“The eyes of the LORD are in every place, Watching the evil and the good” (Proverbs 15:3). In Christianity, people believe that the God is always watching over them from a distance. They fear when they commit sin, and try to prove their strong faith in their own way. However, some impious believers do not believe in God’s surveillance and often doubt His presence. As a Catholic, Flannery O’Connor reflected these characteristics in her short story “A Good Man is Hard to Find”. Brilliantly, she sets up the protagonist as a selfish grandmother and illustrates her family’s road trip which ends with The Misfit, an escaped prisoner killing her family member one by one, and the grandmother in the end. In the story, O’Connor uses the symbolism of the sky and show how two characters’ reactions toward the sky changes as their faith changes. Through this, O’Connor provides readers a chance to introspect themselves and be aware of God who is judging their faith.
In the story, the sky is used to symbolize God. Considering that O’Connor was a strong believer in a Catholic, a bit of religious knowledge is required to understand this. Sky commonly represents God in Christianity as Christians believe that he dwells in the heaven, which is placed up in the sky. However, the sky in this story is described “—Don’t see no sun but don’t see no cloud neither” (39). Usually, there are clouds or stars or the sun in the sky; so a sky with no sun and no cloud seems to be quite strange. This empty, vague sky means God in characters’ minds doesn’t exist distinctively. Thus readers can predict that the characters’ faiths must be weak. For real, two main characters, the grandmother and The Misfit is depicted to have an unfaithful attitude toward God. Moreover, the place where they meet The Misfit is empty but creepy place surrounded by the woods. “—woods, tall and dark and deep.” (37). This builds the atmosphere that God is watching over them, judging their faith. Therefore the sky is used to emphasize the author’s message and theme of this story.
For the grandmother, the sky, or God is a mechanism to reflect herself. From the beginning of the story, she is described as a hypocritical woman. As the story proceeds, readers can find that the grandmother shows her hypocritical attitude toward her faith. Readers would never think of the grandmother as a Christian until she meets The Misfit; she never prays for herself or her family from the beginning, but she persuades The Misfit to pray. It was no more than a stratagem to get out of the crisis. From her characteristics, readers can find that the most important thing for her is introspection, though she never did it. This is symbolized by the relationship with the sky. In the story, she never looks up the sky or even response to The Misfit’s reference to the sky while the text constantly emphasizes the cloudless sky. This can be interpreted that she was never aware of God’s eyes who’s judging up in the sky. Therefore, this shows that she has never introspected herself and her faith. However, at the end, she finally recognizes her lack of faith as she says “Maybe He didn’t raise the dead.” (43). Though she consistently induced The Misfit to believe in God, at last, she gets confused and reflects her weak faith for the first time. Then she gets through the epiphany and proves her faith by showing misfit, God’s Grace. Then she is killed by The Misfit. Yet, her head is finally looking up the sky for the first time. “—and her face smiling up at the cloudless sky.” (43). This describes the moment she first introspects on her faith and behaviors, confronting the God.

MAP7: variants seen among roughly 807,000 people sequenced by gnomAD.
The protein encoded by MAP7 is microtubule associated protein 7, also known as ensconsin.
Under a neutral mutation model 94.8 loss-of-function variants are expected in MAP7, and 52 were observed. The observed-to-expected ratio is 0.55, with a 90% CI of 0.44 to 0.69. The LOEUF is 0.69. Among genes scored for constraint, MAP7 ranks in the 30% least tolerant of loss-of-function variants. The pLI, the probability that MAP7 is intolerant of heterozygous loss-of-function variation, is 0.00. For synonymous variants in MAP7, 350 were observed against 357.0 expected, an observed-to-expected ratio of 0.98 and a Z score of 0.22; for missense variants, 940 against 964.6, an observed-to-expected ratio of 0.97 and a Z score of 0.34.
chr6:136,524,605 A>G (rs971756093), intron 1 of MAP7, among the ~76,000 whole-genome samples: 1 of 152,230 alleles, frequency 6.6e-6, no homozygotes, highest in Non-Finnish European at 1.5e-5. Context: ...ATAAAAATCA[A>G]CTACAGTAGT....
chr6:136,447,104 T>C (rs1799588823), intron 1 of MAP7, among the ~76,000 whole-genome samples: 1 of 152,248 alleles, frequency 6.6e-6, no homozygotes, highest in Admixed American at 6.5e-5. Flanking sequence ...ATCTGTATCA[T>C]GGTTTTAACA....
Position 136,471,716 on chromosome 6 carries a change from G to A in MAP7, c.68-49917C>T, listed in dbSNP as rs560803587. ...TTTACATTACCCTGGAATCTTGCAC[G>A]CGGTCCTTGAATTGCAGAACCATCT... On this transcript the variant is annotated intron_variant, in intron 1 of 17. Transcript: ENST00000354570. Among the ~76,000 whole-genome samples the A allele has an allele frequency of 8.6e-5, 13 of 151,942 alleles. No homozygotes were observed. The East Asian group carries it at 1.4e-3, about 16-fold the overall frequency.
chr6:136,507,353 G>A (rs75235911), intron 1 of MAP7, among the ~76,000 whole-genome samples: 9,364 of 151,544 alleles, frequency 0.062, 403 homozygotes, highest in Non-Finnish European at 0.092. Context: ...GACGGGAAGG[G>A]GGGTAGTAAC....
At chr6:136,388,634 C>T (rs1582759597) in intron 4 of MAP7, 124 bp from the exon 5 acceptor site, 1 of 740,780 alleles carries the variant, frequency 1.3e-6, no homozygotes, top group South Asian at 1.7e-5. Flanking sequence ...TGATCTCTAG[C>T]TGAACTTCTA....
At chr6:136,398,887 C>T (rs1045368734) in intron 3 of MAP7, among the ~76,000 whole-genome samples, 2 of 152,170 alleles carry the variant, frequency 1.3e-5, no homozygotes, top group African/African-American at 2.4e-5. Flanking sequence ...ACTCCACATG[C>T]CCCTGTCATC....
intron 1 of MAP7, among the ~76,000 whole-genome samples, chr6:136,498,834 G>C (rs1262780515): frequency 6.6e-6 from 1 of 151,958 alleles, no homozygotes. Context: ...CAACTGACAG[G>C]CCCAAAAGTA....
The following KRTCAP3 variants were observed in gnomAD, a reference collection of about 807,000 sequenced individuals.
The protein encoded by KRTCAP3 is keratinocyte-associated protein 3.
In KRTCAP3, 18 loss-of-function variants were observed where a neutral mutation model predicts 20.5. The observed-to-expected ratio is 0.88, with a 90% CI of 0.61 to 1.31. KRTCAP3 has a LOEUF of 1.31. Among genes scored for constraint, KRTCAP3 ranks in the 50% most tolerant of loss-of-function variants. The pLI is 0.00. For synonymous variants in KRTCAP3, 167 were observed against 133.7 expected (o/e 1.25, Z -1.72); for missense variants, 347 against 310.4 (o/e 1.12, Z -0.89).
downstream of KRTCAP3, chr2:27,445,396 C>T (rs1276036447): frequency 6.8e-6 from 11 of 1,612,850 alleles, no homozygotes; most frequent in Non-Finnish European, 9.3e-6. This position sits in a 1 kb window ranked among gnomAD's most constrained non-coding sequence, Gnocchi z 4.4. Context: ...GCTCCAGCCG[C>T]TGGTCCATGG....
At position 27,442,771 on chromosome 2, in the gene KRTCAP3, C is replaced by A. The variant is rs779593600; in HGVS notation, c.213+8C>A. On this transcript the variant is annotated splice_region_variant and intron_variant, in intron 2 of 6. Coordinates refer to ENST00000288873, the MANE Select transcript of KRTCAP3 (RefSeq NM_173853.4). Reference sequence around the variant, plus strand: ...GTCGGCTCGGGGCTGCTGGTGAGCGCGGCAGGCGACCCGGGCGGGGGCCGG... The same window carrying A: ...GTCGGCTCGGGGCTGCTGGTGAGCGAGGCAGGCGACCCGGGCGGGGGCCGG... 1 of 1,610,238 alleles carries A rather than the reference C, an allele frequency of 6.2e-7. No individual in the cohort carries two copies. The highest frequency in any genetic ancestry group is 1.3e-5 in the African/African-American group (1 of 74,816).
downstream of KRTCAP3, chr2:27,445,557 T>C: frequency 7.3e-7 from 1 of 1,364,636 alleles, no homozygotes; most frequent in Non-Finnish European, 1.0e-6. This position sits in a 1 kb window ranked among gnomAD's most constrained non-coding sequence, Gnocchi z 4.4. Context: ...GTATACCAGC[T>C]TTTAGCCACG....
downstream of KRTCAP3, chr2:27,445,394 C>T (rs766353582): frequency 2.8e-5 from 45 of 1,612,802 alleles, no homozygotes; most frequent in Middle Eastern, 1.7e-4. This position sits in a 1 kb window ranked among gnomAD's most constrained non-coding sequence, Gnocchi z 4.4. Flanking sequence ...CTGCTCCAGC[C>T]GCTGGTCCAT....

In the story, The Misfit’s doubt is represented by his reference to the sky. He is the only character that has mentioned about the cloudless sky and looked up the sky. This can be interpreted that he is aware of God unconsciously, though he does not believe his existence anymore. Confronting the family, he made a reference to the sky for the first time. Again, when he recalled past days in the penitentiary, he looked up at the “cloudless sky” (41). Next time the sky is mentioned is when the entire family is killed except for the grandmother. Then he explains why he kills people. He was convicted of a guilt that he killed his father, which he doesn’t remember. “No pleasure but meanness,” he said as he told the grandmother that he chose not to believe Jesus, thus he would rather live devilishly (43). At the end of the story, watching God’s grace through the Grandmother, he finally confirms God exists. Hence, the sky is not mentioned anymore and he does not look up the sky either. It’s because he doesn’t distrust God anymore. He says, “It’s [meanness] no real pleasure in life,” which is contrary to his words earlier when he said, “No pleasure but meanness,” (43). From this, readers can assume that he will not be committing any “meanness” anymore; he’s changed.
Through the symbolism of the sky, O’Connor showed how the two main characters’ faith transforms. And she succeeded in delivering her message that every soul is salvable if the faith genuine. She provides a chance to the America’s southern society to introspect themselves and their faith. She alerts readers that God’s eyes are always “watching evil and the good”, thus judging them. Hence, O’Connor encourages readers to build sincere faith in God.